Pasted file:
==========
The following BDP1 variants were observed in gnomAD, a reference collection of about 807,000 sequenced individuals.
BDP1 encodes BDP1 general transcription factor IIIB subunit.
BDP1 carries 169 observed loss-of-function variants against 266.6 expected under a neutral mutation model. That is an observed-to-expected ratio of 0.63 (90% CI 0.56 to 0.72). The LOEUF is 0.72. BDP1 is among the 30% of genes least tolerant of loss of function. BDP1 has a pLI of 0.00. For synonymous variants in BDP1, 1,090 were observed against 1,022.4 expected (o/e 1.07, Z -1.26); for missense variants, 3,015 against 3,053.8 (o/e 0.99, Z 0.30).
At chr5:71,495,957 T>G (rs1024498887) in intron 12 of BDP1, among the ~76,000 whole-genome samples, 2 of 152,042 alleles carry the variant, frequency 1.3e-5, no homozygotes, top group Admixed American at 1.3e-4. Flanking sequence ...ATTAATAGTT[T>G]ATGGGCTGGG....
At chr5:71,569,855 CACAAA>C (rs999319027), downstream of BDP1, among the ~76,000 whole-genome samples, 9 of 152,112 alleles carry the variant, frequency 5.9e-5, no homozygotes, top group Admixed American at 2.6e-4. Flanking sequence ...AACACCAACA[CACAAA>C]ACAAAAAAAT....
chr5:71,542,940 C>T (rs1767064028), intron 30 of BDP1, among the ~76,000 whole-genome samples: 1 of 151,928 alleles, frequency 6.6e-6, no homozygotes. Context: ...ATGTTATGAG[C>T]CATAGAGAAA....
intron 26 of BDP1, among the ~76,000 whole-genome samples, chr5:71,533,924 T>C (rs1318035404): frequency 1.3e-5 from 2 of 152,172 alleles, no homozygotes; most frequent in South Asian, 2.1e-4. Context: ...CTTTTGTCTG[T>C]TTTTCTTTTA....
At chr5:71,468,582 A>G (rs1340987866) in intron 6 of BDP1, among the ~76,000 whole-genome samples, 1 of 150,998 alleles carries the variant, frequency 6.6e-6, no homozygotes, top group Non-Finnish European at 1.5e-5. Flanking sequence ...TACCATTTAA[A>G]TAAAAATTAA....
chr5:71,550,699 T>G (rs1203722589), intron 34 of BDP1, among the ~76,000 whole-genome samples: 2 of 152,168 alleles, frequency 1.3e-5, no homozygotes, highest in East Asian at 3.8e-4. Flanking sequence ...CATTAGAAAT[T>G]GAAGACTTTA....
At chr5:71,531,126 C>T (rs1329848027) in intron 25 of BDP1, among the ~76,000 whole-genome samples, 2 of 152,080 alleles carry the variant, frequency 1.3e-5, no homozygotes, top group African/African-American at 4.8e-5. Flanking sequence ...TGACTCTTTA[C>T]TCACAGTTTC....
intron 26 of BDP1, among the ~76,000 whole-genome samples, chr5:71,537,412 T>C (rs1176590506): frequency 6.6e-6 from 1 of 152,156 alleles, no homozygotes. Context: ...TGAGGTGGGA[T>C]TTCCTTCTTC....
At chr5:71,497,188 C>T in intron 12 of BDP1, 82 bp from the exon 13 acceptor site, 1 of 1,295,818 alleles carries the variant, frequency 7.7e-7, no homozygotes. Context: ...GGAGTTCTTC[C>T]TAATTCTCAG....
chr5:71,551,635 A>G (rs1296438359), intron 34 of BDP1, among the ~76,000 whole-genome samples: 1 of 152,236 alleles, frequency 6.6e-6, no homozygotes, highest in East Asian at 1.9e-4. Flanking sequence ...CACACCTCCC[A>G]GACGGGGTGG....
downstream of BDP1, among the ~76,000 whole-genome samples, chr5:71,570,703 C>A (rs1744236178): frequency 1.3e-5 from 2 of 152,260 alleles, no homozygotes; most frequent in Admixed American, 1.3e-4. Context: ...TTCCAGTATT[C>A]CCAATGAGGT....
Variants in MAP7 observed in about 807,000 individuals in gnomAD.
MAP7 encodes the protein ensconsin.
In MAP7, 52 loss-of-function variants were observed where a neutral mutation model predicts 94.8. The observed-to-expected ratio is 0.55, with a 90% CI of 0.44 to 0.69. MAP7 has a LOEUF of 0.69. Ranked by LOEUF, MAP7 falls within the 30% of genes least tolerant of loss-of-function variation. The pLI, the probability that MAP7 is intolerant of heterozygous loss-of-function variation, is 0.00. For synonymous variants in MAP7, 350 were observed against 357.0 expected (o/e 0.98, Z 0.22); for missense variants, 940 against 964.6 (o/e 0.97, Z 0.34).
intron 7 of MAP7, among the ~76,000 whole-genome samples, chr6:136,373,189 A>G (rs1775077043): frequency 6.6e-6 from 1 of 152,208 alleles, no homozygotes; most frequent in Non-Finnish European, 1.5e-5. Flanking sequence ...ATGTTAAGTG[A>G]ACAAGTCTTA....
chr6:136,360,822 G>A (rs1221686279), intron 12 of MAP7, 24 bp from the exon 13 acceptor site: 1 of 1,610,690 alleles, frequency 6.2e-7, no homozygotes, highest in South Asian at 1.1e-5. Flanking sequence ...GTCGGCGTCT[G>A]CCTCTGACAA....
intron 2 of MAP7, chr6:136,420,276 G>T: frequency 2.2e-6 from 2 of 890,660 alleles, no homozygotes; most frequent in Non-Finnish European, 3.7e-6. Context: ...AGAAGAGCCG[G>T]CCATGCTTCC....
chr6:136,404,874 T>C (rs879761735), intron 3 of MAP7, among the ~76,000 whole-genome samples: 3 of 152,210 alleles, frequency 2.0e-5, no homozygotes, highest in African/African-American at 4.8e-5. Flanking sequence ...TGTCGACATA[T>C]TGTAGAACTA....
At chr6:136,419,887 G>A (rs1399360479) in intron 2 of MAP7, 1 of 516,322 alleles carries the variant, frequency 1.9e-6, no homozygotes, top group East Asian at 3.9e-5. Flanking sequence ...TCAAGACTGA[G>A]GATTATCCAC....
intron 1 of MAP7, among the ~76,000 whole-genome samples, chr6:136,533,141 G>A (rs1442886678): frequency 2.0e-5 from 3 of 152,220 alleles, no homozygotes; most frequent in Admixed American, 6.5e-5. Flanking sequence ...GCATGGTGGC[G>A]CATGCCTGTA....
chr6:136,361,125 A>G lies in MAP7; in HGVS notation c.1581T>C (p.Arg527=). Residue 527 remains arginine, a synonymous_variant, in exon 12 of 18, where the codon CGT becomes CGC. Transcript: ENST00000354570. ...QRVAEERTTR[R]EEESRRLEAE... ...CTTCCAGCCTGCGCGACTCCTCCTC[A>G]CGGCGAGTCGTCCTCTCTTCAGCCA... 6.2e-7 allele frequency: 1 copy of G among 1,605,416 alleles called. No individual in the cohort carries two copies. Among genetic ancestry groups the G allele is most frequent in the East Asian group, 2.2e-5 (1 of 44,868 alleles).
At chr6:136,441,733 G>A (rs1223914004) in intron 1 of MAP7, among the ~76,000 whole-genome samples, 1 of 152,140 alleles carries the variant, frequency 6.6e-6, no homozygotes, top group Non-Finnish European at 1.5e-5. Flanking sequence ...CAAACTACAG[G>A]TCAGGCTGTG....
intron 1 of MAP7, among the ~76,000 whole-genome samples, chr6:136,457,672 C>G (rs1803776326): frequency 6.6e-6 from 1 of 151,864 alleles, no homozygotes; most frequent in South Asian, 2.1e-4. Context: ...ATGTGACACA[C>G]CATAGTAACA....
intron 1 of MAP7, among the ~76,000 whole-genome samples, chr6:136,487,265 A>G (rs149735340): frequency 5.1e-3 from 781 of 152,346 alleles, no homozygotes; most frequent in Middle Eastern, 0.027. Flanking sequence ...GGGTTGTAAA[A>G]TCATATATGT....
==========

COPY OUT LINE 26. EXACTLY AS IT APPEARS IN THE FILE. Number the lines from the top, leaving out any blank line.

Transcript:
intron 1 of MAP7, among the ~76,000 whole-genome samples, chr6:136,457,672 C>G (rs1803776326): frequency 6.6e-6 from 1 of 151,864 alleles, no homozygotes; most frequent in South Asian, 2.1e-4. Context: ...ATGTGACACA[C>G]CATAGTAACA....